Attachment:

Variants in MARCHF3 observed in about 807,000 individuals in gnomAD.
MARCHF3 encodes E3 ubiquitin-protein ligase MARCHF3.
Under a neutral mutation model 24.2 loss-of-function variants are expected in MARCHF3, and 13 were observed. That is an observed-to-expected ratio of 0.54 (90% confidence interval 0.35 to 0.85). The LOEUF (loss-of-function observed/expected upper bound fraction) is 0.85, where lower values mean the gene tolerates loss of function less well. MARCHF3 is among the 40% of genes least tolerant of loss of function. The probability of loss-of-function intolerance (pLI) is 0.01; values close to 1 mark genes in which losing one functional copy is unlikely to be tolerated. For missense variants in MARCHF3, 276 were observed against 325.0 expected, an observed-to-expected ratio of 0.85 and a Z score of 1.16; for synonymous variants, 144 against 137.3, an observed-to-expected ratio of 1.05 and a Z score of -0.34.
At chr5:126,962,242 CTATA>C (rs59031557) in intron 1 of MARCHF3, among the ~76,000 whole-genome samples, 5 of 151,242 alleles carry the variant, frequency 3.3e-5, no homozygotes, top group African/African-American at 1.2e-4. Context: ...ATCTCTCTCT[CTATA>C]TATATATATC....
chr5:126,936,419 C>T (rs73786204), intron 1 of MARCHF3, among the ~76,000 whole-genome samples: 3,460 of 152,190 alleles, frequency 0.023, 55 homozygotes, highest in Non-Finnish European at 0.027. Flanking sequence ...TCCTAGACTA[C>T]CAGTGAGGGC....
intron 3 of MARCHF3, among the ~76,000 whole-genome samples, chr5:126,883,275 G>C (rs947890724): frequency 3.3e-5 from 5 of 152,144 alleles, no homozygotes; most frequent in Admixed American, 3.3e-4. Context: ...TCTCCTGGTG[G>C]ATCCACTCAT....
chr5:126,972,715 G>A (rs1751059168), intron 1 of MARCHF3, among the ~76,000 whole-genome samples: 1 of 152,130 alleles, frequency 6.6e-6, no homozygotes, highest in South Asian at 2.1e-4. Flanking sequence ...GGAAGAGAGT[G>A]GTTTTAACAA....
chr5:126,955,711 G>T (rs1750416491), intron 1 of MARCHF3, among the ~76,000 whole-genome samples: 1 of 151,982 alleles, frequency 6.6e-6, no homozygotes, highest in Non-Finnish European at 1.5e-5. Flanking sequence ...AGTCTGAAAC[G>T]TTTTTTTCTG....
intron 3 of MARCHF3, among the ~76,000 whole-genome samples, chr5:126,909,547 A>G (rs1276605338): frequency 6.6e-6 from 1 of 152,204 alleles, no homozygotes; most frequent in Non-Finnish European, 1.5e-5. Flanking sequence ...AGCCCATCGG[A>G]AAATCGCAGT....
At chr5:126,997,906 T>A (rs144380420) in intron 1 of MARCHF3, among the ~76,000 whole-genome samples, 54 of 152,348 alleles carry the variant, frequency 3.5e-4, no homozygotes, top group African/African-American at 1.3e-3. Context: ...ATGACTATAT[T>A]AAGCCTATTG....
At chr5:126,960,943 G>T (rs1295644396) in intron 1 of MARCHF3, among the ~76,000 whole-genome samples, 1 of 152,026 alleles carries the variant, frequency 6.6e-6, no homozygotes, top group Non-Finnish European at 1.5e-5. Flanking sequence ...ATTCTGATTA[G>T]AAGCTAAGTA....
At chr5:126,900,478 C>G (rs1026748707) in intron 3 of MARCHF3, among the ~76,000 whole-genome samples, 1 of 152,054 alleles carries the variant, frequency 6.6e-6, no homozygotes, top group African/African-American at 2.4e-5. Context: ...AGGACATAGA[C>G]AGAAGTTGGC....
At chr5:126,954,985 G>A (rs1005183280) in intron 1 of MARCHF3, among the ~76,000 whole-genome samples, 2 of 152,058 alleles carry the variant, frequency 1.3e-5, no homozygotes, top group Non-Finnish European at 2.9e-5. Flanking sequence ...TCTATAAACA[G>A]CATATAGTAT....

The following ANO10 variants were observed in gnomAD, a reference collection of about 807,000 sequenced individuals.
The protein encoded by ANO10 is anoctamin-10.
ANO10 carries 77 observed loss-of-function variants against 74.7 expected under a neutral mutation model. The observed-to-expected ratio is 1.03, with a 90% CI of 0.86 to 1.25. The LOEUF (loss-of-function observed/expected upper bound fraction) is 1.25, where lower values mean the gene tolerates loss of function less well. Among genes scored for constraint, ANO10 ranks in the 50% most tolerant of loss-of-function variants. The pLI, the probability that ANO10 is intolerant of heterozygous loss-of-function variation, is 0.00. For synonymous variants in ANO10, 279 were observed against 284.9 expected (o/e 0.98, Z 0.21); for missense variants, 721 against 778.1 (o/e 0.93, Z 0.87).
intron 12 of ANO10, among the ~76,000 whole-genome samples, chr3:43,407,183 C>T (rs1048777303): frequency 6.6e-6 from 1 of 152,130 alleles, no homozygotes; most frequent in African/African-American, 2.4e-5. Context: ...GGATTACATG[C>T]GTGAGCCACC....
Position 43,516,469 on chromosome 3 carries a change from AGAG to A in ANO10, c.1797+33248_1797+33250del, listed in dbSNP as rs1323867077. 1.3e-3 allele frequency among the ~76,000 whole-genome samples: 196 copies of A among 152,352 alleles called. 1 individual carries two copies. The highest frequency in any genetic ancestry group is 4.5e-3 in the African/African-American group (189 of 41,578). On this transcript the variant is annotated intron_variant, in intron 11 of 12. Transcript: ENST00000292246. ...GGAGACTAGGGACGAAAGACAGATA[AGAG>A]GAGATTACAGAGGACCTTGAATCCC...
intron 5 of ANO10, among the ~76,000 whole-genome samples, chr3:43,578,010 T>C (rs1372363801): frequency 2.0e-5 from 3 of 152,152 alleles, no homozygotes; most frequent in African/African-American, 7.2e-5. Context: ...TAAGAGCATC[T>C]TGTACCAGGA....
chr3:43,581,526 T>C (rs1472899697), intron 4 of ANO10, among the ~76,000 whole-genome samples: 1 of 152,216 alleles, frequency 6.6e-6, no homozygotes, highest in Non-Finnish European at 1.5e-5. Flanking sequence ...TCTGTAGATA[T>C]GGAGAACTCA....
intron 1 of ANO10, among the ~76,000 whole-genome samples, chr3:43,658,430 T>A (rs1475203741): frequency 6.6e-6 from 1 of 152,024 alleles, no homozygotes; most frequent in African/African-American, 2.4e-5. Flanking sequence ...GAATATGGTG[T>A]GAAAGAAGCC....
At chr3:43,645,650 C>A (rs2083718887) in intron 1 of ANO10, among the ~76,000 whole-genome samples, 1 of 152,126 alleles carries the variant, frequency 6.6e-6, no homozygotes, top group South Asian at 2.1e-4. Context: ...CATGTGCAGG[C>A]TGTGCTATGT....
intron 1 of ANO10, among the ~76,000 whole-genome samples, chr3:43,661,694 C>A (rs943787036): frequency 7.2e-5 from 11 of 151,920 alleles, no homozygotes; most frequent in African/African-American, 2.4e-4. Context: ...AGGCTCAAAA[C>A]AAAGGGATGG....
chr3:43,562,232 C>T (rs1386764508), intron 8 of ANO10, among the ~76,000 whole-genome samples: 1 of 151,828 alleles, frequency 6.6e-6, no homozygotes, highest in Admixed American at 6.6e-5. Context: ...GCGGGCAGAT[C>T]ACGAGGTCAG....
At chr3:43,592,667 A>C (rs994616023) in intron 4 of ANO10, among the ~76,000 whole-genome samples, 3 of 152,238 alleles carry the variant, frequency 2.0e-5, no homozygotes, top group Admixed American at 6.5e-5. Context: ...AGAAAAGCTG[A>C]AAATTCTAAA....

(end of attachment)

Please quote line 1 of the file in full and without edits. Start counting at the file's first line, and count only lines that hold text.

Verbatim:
Variants in MARCHF3 observed in about 807,000 individuals in gnomAD.